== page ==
UNITED STATES V. CURTIS.
(District Court, 8. D. New Yark.
April 10, 1883.)
PENALTffiS AND FORFEITURES-INTENT-REV. ST.
As guilty knowledge or evil intent are not necessary mgredients lU statutory crimes or penalties, where the intention of the statute appears not to make them so, in an action against the master of a vessel, under section 2873, for unlading goods without a permit, the master's .want of knowledge or of participation in the unlawful acts is no defense.
SAME-DESIGN OF STATUTE-}IASTERS OF VESSELS.
The design of section 2873, 1il,e that of section 50 of the act of March 2, 1799, is to secure vigilance on the part of masters, or the persons havinll; charge of the vessel, in preventing illicit traffic, which by virtue of their command they are presumed to be able to prevent.
SAME-DEUELlCT OU SALVAGE GOODs-AcCIDENT.
Section 2873, imposing a penalty for unlading goods without a permit, is to be interpreted and applied according to its intention,-viz., to impose vigilance in preventing such unlading upon the persons having command,-and it is not to be applied in cascs evidently outside of the intention of the statute, such as derelict or salvaged goods, or goods unladen in case of accident to save them from loss, nor to cases of unlading by a superior attacking force; nor, in like manner, where it is affirmativ(lly. shown that it not by any practicable means be prevented by the or person in command. 4. SAME-SECTION 16, MOIETY FOR JURY. In an action for a penalty agl\in.st the master in such cases, section 16 of the moiety act (1 Supp. Rev. St. 80) requires only that the intent with which the acts were done by the persons who committed them should be submitted to the jury, not the intent of the master.
6. SECTIONS 2873 AND 2768, HOW CONSTRUED. Sections 2873 and 2768 are to be construed together as the equivalent of sec-
tion 50 of the act of March 2, 1799, and as-imposing only one penalty, viz., a penalty either upon the master, or, if he be not in command at the time, then upon the person who is in command of the vessel.
SAME-SUIT AGAINST ABSENT MASTER.
Where 77 packages of cigars Were secretly lowered for the purpose ot SlllUgglingfrom the bowso! the steamer S., at 2 o'clock A. M., while she lay at anchor at lower quarantine, New York harbor, while the master was absent from the ship, he having gone the day previous to the New York custom-house, 15 miles distant, to make entry of the arrival of the vessel, as he was bound to do by law, held, that, though the penalty of $400 was incurred, the suit should have been against the person in actual command of the vessel at the time, and not against the absent master, and that the latter was not liable.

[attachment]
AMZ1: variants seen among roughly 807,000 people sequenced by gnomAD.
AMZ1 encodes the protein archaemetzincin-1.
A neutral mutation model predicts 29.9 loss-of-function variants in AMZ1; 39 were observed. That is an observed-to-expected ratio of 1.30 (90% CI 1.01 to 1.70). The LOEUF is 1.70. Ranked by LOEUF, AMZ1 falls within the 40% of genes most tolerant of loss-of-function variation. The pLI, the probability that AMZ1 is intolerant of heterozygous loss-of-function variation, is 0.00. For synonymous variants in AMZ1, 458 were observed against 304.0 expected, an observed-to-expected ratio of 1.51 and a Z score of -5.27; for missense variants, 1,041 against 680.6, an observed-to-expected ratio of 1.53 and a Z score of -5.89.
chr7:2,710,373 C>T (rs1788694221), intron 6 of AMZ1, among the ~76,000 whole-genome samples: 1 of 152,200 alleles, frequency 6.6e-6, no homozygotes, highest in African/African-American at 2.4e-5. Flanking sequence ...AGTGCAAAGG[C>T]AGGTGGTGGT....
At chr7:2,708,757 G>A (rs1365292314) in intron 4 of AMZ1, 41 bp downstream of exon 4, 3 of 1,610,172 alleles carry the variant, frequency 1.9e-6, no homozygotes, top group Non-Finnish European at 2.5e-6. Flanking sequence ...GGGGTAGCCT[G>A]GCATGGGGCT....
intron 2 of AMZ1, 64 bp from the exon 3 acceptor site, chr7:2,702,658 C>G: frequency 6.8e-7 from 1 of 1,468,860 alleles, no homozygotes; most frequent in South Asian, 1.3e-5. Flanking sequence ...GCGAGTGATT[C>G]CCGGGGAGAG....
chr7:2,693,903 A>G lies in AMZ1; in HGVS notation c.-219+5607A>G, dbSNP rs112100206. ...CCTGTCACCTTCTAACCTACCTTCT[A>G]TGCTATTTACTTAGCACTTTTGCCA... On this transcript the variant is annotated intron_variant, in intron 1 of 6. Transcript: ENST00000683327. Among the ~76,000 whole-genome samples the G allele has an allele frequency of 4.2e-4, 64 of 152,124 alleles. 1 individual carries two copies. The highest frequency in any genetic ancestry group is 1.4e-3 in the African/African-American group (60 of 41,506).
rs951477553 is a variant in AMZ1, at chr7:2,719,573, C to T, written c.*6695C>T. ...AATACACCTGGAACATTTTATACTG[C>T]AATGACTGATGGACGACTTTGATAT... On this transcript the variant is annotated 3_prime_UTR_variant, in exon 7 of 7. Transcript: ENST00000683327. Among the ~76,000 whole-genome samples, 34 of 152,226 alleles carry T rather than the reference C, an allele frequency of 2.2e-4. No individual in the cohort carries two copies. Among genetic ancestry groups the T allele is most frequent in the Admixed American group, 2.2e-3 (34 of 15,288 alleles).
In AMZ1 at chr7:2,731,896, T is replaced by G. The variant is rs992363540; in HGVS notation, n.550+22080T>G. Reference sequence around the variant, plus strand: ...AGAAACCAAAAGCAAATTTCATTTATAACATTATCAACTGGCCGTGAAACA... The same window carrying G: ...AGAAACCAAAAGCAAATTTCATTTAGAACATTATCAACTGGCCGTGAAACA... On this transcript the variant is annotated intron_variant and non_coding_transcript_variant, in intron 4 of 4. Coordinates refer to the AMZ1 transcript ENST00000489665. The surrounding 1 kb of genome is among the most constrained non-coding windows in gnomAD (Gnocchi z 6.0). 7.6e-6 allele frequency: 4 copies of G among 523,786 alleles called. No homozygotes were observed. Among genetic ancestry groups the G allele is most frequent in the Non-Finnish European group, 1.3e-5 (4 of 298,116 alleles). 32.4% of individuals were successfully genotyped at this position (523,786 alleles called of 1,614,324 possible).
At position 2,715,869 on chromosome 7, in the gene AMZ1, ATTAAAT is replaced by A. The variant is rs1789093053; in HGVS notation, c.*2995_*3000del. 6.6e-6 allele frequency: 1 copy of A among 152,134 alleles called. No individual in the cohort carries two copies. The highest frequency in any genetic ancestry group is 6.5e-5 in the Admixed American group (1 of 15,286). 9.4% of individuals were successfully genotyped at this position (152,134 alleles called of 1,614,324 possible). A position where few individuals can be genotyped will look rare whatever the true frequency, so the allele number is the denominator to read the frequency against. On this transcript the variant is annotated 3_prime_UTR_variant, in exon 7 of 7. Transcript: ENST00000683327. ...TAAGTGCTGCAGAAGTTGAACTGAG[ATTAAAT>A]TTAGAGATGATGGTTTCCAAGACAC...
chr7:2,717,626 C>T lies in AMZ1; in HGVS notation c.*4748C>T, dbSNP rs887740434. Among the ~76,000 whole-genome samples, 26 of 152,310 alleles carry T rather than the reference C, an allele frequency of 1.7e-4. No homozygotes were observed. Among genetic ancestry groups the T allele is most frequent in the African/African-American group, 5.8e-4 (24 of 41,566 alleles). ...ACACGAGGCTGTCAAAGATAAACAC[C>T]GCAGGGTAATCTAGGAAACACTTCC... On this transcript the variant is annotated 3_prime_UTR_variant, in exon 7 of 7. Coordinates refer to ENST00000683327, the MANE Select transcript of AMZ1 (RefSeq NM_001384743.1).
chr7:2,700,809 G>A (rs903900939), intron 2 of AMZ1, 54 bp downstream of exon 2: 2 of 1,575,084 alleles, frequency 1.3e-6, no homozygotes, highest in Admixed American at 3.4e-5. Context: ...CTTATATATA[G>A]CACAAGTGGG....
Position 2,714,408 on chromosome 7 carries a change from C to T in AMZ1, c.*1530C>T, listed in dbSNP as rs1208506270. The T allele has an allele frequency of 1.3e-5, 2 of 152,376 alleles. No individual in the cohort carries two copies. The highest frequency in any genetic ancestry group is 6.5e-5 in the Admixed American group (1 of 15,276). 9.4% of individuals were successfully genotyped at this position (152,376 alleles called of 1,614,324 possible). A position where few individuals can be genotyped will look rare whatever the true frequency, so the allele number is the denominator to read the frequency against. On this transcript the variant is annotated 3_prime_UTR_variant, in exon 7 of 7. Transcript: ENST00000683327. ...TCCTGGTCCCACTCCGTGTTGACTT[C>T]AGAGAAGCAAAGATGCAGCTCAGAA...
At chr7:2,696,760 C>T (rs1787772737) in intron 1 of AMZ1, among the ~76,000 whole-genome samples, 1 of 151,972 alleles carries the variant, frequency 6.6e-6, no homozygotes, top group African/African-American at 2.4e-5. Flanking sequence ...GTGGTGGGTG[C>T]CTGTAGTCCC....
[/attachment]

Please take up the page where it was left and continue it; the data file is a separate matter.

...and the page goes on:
Action to Recover Penalty. S. L. Woodford, Dist. Atty., and Wm. C. Wallace, Asst., for the United States. Goodrich, Deady « Platt, for defendant. BROWN, J. This action was brought under section 2873 of the Revised Statutes, to recover a penalty of $4-00 against the defendant,
UNITED STATES V. OUR'rIS.
as master of the steam-ship Saratoga, for the unlading of goods from the steam-ship in the night-time, and without a permit, con· trary to the provisions of section 2867. The steamer arrived at New York from Havana in the forenoon of July 13, 1881, and dropped anchor at lower quarantine. The master left the vessel to make due entry of her arrival at the custom-house, as required by law, and did not return until the following morning. During the night, at about 2 A. M. of the 14th, a small boat from the vicinity of Coney island approached the bows of the steamer, and after a few signals, evidently preconcerted, came along-side the bows and received 77 boxes of cigars and 1,600 bundles of cigarettes, lowered from the side of the steamer, and immediately put off for shore. This was observed by detectives who were watching from another vessel, and the men and cigars were pursued and captured. The cigars were afterwards condemned and sold. This action was thereupon commenced against the master to recover the statutory penalty of $400; and a separate libel was also filed against the Saratoga, to enforce a lien upon her for the same penalty under section 8088 of the Revised Statutes. -It being conceded that neither the master nor owner was "a consenting party, nor privy to the act," this court held that the act of February 8, 1881, (1 Supp. Rev. St 591,) was applicable, and that the vessel could no longer be seized for the enforcement of penalty incurred by the master. The Saratoga, 9 FED. REP. 322. This decision has since been affirmed on appeal in the circuit court. 15 FED. REP. 382. Upon the trial of the present action it was contended on the part of the defendants (1) that under section 2873 the master is not liable for such illegal acts unless he is knowingly concerned therein; (2) that under section 16 of the moiety act of June 22, 1874, (18 St. at Large, 186; 1 Supp. Rev. St. 80,) no penalty can be imposed on the master unless there was an actual intention on his part to defraud the United States. Upon the above facts and others not necessary to be set forth here, the court submitted. to the jury the following questions: First. Were the cigars in question unladen without a permit? Second. Was the defendant at that time master of the Saratoga? Third. Were the .cigars unladen with the actual intention of defrauding the United States? Fourth. If so, did the defendant participate in this intention, or was- he privy to it? Fifth. Was the defendant knowingly concerned in, or did he aid or concur in, the unlading of these cigars, direotlyor indirectly? The jury answered "Yes" to each of the three